Microsoft has released tools to enable Objective-C development on Windows which are intended to facilitate the porting of iOS apps to Windows. This move is not without some controversy, as some developers are upset at how their code was included in this project.
The Edit and Continue debugging feature for C++ code has been available in Visual Studio before in various forms. In Visual Studio 2015 this support has been expanded to include both 32-bit and 64-bit code while maintaining the use of the other debugging tools Visual Studio offers.
Coming only six months after the release of Qt 5.4, Qt 5.5 fixes almost 1500 reported bugs and adds new features, while also ensuring that it will be ready for Windows 10 on time, improving Linux compatibility and OS X parity.
C++ Developers will benefit from the involvement of hundreds of fellow users who reported numerous bugs with the C++ compiler during its release stage. Microsoft has provided a list of all of the bugs that have been corrected for the upcoming release of VS2015RTM.
The Visual Studio 2015 team has finalized its implementation of the various C++ 11/14/17 standards that it will support in VS2015RTM. Accompanying these C++ features will be the completion of C99 language support. All of these will be part of production release of VS2015, which is coming in July.
One of the most recent Facebook's apps, Moments, is using C++ to share its business logic across iOS and Android, Facebook's engineers Ashwin Bharambe, Zack Gomez, Will Ruben explain. Here we review Facebook engineers rationale for that choice and its outcomes.
Cling is an interactive C++ interpreter that is built on top of LLVM and Clang and promises to provide a leap in productivity by going beyond the usual code-compile-run-debug C++ workflow.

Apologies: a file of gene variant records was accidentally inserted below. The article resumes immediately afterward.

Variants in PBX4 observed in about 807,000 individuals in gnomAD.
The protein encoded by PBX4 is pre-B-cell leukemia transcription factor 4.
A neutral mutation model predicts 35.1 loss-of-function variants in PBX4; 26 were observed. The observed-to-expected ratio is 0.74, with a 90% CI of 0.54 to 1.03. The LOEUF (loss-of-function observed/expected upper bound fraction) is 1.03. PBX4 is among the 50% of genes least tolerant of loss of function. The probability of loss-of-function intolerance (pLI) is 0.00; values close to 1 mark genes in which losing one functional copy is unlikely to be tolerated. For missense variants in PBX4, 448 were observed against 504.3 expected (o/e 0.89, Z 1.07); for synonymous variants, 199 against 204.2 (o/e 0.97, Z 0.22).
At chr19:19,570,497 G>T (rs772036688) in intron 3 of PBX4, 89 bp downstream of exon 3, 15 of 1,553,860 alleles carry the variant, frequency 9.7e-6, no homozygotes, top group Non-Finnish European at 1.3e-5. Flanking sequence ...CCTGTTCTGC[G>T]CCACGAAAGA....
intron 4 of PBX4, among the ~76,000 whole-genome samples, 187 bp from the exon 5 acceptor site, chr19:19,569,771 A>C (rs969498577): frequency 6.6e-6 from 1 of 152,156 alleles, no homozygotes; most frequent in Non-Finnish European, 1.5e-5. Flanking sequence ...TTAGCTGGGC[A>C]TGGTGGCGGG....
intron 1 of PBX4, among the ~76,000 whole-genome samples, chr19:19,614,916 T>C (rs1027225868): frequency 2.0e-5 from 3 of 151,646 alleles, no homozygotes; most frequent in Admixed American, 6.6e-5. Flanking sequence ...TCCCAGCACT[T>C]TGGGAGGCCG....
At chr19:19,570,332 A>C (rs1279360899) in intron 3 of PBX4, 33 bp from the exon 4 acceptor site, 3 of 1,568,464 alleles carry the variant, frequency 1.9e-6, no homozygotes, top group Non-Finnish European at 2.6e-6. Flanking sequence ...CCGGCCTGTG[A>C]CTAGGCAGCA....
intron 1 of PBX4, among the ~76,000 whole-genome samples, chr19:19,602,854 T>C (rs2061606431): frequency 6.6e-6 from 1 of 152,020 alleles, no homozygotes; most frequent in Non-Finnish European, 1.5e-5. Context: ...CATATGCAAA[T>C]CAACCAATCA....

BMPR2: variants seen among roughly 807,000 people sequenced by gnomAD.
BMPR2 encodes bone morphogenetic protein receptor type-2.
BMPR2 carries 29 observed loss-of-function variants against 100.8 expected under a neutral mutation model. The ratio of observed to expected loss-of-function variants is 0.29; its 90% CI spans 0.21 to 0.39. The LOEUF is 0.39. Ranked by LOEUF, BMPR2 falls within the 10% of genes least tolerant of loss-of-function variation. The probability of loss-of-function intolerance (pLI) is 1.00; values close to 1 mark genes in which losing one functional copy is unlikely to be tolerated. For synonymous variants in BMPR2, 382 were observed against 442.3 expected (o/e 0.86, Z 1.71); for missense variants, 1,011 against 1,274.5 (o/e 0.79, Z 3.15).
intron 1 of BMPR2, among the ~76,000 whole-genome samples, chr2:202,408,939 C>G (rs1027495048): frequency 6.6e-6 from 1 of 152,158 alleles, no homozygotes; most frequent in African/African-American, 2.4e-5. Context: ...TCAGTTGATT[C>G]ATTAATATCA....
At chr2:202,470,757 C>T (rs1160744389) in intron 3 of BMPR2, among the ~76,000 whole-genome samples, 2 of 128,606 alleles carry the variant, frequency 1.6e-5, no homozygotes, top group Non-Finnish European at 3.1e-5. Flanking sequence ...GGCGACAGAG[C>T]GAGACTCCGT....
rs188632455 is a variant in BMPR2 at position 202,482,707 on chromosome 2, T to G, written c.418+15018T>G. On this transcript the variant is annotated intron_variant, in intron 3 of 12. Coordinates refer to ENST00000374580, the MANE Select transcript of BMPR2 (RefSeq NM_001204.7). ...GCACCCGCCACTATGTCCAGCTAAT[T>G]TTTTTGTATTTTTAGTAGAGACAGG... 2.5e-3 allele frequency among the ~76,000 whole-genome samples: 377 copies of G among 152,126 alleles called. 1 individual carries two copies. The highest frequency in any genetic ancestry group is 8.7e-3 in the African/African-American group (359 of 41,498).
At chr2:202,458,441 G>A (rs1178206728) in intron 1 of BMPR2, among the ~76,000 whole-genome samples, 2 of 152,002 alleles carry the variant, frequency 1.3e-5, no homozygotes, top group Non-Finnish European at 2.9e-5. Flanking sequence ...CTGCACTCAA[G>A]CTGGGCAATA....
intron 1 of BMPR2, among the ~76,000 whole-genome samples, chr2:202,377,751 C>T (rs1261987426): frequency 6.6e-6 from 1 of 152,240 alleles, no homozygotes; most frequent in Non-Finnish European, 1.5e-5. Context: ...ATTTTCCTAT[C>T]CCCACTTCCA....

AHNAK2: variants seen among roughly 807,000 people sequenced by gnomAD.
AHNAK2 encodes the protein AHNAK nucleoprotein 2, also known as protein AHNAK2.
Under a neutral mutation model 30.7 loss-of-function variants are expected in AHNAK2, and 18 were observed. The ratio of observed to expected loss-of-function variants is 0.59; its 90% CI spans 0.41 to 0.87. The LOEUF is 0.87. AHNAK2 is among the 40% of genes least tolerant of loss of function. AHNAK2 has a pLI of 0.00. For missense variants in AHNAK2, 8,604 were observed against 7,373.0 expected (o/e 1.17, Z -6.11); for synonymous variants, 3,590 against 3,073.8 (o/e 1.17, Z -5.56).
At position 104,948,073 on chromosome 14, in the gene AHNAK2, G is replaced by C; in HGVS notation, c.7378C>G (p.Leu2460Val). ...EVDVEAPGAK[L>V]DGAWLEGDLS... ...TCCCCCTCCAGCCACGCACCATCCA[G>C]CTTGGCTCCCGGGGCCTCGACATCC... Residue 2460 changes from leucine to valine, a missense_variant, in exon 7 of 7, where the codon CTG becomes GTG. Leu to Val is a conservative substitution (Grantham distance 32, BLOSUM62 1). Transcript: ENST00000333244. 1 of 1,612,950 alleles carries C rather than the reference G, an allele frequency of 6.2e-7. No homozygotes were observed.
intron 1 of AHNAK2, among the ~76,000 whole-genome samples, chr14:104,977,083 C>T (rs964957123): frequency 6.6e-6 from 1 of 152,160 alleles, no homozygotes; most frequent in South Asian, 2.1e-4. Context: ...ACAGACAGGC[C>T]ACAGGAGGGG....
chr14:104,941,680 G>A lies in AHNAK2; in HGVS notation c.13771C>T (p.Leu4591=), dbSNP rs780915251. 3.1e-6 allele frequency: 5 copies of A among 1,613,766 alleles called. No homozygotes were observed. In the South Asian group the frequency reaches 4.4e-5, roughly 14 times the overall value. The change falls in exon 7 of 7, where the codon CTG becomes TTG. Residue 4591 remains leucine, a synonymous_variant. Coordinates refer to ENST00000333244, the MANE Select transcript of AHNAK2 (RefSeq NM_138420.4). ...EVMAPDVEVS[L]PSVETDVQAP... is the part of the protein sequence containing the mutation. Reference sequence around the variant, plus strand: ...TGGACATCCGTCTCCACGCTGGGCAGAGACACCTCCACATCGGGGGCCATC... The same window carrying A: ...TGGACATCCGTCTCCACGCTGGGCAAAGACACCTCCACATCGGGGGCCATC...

Most developers don’t know much about C2, but it is a vital part of the Windows development lifecycle. It acts as the backend compiler for Visual C++, .NET natively compiled code, compiled T-SQL, and Objective-C on Windows.
Bjarne Stroustrup, designer and original implementor of C++, has recently circulated a draft aimed at “stimulating a discussion” about C++17 design goals and possible new features,. such as modules, concepts, and ranges. InfoQ has taken the opportunity to talk with Stroustrup to clarify his view on C++ and the committee’s work.
Microsoft has delivered the Release Candidate of Visual Studio 2015, demonstrating their desire to be the first choice for developers regardless of the platform that they are targeting.
We published in 2014 the results of TechEmpower’s benchmark of various web frameworks, a term including web platforms and micro-frameworks. A year later, they have published a new set of results outlining important changes in the performance of top 10 web frameworks.
Microsoft has announced that they are restructuring the way they sell Visual Studio. Starting with VS 2015, there will only be three main SKUs or editions: Community, Professional w/MSDN, and Enterprise w/MSDN. The most expensive edition will cost you 5,999 for the first year, less than half the cost of VS 2013 Ultimate Edition.
The makers behind PVS Studio, a C++ static analyzer, have released their study of the CoreCLR source code. Though meant primarily to demonstrate the capabilities of their tools, it does reveal how difficult it is to write bug free C++ code.
Google announced last week the release of open source MapReduce framework for C, called MR4C, that allows developers to run native code in Hadoop framework. MR4C framework brings together the performance and flexibility of natively developed algorithms with the scalability and throughput provided by Hadoop execution framework.
A new set of libraries and tools from Google's Fun Propulsion Labs, fplutil, promises to make it easier to develop C/C++ applications for Android.